We present a genetic programming (GP) system to evolve reusable heuristics for the 2-D strip packing problem. The evolved heuristics are constructive, and decide both which piece to pack next and where to place that piece, given the current partial solution. This paper contributes to a growing research area that represents a paradigm shift in search methodologies. Instead of using evolutionary computation to search a space of solutions, we employ it to search a space of heuristics for the problem. A key motivation is to investigate methods to automate the heuristic design process. It has been stated in the literature that humans are very good at identifying good building blocks for solution methods. However, the task of intelligently searching through all of the potential combinations of these components is better suited to a computer. With such tools at their disposal, heuristic designers are then free to commit more of their time to the creative process of determining good components, while the computer takes on some of the design process by intelligently combining these components. This paper shows that a GP hyper-heuristic can be employed to automatically generate human competitive heuristics in a very-well studied problem domain. View full abstract»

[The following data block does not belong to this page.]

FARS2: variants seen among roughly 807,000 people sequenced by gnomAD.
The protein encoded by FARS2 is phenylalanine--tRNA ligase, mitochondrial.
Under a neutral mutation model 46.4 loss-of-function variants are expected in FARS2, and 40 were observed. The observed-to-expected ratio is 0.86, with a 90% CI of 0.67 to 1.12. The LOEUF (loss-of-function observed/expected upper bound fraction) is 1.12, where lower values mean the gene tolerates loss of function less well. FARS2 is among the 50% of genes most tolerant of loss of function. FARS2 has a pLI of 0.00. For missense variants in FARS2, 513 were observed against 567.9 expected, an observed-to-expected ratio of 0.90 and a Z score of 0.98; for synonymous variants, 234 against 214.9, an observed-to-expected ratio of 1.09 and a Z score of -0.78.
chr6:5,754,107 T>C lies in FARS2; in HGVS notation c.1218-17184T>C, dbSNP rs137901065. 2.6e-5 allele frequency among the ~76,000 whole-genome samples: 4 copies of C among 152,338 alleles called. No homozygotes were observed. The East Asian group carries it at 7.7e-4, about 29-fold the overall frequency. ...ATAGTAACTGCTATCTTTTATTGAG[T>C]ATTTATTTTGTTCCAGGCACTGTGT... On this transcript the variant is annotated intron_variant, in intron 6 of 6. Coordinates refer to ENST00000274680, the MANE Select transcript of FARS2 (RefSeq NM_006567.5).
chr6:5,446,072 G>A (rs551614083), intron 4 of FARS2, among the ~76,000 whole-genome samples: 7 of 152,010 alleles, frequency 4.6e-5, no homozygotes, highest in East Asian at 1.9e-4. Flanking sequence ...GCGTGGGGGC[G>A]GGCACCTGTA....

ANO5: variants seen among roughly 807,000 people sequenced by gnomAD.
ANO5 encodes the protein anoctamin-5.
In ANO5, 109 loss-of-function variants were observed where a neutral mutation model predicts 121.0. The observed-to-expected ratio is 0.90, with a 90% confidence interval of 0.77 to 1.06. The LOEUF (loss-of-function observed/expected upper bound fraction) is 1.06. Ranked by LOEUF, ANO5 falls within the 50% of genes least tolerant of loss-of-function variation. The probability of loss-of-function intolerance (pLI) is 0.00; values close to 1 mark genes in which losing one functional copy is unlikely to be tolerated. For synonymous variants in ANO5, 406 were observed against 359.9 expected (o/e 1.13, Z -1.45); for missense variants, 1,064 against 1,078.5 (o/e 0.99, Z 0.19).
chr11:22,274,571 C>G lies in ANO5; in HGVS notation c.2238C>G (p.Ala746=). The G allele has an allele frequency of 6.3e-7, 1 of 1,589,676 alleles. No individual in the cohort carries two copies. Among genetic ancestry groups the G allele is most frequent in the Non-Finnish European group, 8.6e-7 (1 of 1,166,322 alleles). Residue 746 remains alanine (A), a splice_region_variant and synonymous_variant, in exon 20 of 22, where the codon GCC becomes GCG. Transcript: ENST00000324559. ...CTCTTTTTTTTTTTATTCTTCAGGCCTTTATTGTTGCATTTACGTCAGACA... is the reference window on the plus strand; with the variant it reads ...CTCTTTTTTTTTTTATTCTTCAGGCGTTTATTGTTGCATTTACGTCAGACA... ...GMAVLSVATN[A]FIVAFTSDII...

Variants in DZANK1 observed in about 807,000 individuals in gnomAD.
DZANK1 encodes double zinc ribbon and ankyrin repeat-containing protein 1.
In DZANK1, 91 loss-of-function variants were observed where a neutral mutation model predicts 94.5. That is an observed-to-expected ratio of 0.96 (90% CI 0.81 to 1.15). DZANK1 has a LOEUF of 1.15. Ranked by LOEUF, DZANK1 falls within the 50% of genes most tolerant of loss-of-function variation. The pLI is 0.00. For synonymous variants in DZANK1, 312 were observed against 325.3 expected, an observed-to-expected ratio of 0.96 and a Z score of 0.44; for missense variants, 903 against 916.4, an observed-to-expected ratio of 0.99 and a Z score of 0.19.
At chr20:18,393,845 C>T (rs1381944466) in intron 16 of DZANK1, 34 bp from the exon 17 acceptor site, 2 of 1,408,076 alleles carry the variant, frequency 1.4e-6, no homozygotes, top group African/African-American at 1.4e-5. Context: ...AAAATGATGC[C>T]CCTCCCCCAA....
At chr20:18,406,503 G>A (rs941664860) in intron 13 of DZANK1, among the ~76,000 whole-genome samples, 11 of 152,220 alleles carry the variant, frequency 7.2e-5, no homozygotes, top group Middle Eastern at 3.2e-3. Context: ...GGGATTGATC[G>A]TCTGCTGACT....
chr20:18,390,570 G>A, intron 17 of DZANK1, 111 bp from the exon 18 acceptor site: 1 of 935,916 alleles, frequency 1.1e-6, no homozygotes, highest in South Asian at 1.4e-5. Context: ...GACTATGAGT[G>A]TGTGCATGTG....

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  • A Clustering Particle Swarm Optimizer for Locating and Tracking Multiple Optima in Dynamic Environments

    Page(s): 959 - 974
    Save to Project icon | Request Permissions | Click to expandQuick Abstract | PDF file iconPDF (366 KB) |  | HTML iconHTML